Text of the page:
“Just recycling isn’t enough anymore. Our focus is on upcycling, which takes waste materials such as leftovers from farming and gives them a new life. Depending on the application, we are able to replace 10% to 100% of traditional plastics in automotive parts and shipping pallets,” says Pivot Materials co-founder and CEO, Kylee Guenther.
Putting the moral point of view aside, it is supply chain’s job to ensure the most efficient flow of value possible. Even if your company doesn’t pay for waste immediately, a lack of sustainable processes, parts and products within the value chain should be acknowledged as a supply risk. Fortunately, today’s sustainability price is becoming more quantifiable. Electric startup vehicle manufacturer Rivian’s IPO on November 10, 2021, resulted in a $91 billion market cap which surpassed General Motors’ $86.4 billion market cap.
The track records, revenue forecasts, and operational scale differential between the OEMs is substantial. However, the stock market, as a barometer for future cash flows, is clearly stating that a pure play sustainable automaker is more valuable than a legacy OEM on a journey to becoming more sustainable.
As a counter narrative, a lesser discussed aspect is General Motors’ 2020 Sustainability Pledge, which outlines the company’s requirement that 35% of vehicle parts will be made from sustainable materials by 2035. This positive step forward highlights the immense sustainability impact established OEMs and suppliers can have now through spend influence.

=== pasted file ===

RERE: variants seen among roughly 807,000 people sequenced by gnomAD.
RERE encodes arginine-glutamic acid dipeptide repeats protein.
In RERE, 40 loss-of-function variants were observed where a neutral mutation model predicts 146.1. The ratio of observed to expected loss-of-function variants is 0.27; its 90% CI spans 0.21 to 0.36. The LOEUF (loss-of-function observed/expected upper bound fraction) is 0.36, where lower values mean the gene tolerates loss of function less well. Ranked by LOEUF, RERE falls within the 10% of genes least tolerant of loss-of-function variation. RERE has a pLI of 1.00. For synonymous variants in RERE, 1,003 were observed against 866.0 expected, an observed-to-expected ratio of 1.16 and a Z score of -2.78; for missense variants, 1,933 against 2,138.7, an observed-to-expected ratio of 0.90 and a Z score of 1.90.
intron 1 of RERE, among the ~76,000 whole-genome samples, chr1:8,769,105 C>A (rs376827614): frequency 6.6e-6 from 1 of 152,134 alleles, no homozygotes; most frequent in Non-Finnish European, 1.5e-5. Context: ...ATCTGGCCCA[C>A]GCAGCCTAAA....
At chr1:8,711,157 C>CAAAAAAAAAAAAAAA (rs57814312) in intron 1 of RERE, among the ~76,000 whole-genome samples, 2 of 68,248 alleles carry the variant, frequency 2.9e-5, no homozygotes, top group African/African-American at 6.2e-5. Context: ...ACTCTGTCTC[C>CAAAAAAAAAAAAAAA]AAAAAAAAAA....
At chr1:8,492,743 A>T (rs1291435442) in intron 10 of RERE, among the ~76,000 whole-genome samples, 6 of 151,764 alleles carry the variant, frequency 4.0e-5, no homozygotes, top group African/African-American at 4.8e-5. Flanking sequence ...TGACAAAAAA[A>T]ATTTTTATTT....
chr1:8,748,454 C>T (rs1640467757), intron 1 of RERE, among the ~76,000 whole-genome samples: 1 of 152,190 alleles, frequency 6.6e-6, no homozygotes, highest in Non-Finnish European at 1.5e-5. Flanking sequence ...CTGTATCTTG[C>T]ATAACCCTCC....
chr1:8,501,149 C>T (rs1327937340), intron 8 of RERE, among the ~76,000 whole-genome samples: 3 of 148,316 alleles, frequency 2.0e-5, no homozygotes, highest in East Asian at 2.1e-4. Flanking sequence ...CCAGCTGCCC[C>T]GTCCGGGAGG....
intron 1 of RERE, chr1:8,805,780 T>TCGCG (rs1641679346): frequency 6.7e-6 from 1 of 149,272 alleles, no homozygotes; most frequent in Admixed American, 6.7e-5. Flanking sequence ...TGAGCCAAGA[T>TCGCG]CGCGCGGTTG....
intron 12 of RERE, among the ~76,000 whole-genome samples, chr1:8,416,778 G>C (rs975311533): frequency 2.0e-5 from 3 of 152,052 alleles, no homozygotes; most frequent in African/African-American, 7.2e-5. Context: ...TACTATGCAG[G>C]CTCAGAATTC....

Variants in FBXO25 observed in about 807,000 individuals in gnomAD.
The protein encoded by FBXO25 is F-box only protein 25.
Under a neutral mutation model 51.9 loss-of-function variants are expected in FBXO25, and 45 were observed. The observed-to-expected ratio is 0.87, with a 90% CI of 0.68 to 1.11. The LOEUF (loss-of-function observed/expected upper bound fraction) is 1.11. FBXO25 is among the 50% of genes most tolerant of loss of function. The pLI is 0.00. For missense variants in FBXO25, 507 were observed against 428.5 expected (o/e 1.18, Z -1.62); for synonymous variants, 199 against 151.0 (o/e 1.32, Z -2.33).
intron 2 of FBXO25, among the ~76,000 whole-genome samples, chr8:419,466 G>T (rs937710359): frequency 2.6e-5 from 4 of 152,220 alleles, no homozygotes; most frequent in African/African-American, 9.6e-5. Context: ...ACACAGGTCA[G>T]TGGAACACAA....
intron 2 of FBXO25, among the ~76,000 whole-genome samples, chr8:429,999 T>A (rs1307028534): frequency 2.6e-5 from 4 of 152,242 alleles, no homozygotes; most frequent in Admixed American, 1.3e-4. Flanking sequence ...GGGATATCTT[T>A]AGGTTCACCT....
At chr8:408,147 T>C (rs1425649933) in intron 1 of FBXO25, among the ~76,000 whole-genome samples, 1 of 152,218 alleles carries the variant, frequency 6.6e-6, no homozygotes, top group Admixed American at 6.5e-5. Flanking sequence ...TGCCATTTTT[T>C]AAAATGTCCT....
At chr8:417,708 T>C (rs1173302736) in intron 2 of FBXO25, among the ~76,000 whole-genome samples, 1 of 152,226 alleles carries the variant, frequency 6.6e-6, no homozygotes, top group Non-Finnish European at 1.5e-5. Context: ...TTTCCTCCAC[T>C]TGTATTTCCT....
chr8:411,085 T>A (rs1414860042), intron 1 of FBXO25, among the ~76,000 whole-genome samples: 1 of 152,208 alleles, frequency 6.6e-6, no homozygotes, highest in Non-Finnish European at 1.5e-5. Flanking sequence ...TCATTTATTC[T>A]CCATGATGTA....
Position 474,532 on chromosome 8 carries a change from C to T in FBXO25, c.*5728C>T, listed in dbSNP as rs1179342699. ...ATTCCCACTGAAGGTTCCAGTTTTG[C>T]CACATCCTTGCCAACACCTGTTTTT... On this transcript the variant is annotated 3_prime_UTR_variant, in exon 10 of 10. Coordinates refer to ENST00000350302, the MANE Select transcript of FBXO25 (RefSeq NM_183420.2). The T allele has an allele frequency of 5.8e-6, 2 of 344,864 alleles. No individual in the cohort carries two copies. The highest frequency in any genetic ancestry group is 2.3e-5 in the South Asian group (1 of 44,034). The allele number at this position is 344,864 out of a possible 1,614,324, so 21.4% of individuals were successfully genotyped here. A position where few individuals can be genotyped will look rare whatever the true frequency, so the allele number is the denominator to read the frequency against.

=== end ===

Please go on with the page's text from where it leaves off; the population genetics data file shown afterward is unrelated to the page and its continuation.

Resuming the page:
According to the American Chemistry Council, “Today's vehicles on average contain 50% plastics by volume and 10% by weight.” At over 300 pounds of plastic per vehicle and 6.8 million vehicles sold in 2020, General Motors and their suppliers stand to replace north of 2 billion pounds of plastic resin annually with sustainable material alternatives.
Where to Start
The harsh reality is that much of the input data that goes into assemblies isn’t known by buyers. This goes beyond simply knowing Tier I suppliers toward building an expanded digital Plan For Every Part. An example is documenting your Tier II and III supplier’s inbound packaging and logistics carriers, which have remained largely invisible.
This may seem absurd; most know raw materials, purchased parts and piece prices in depth. However, do you know the total weight of your spend that ends up in a landfill? As we have seen, few automotive Tier I suppliers track this level of data about their Tier II suppliers. Reasons vary, but in short it can be a lot of work. Put another way, the answers to the questions might also be unsettling.
There are parallels between the continuous improvement and creative destruction mindsets in that both are required paths toward elevating supply performance. It is important to acknowledge supply chain sustainability continuous improvement results as small wins along the journey to build momentum.
Making Meaningful Impact
We must not celebrate incremental improvement too prematurely as to award ourselves green trophies for a job completed. Measuring our impact in the context of what we could realize offers a clearer lens from which to pursue future impactful results.
To accomplish this, sustainability must move from reactive to proactive thinking to maximize impact. True sustainable supply chains must be pursued from day one in partnership with all stakeholders. “Cradle to Cradle” thinking, as outlined by architect William McDonough and chemist Michael Braungart in their 2002 book Cradle to Cradle: Remaking the Way We Make Things, needs to start at new product creation and be realized during sourcing to maximize impact. Thus, the mindset is more principle than method.
Results take upfront and persistent engagement inside and outside the organization. This is a different way to manage and execute supply chain work for most professionals. It is through bold thinking and purposeful actions that profitable sustainable business models, and the supply chains that power them, can take hold to enabler a better future for all.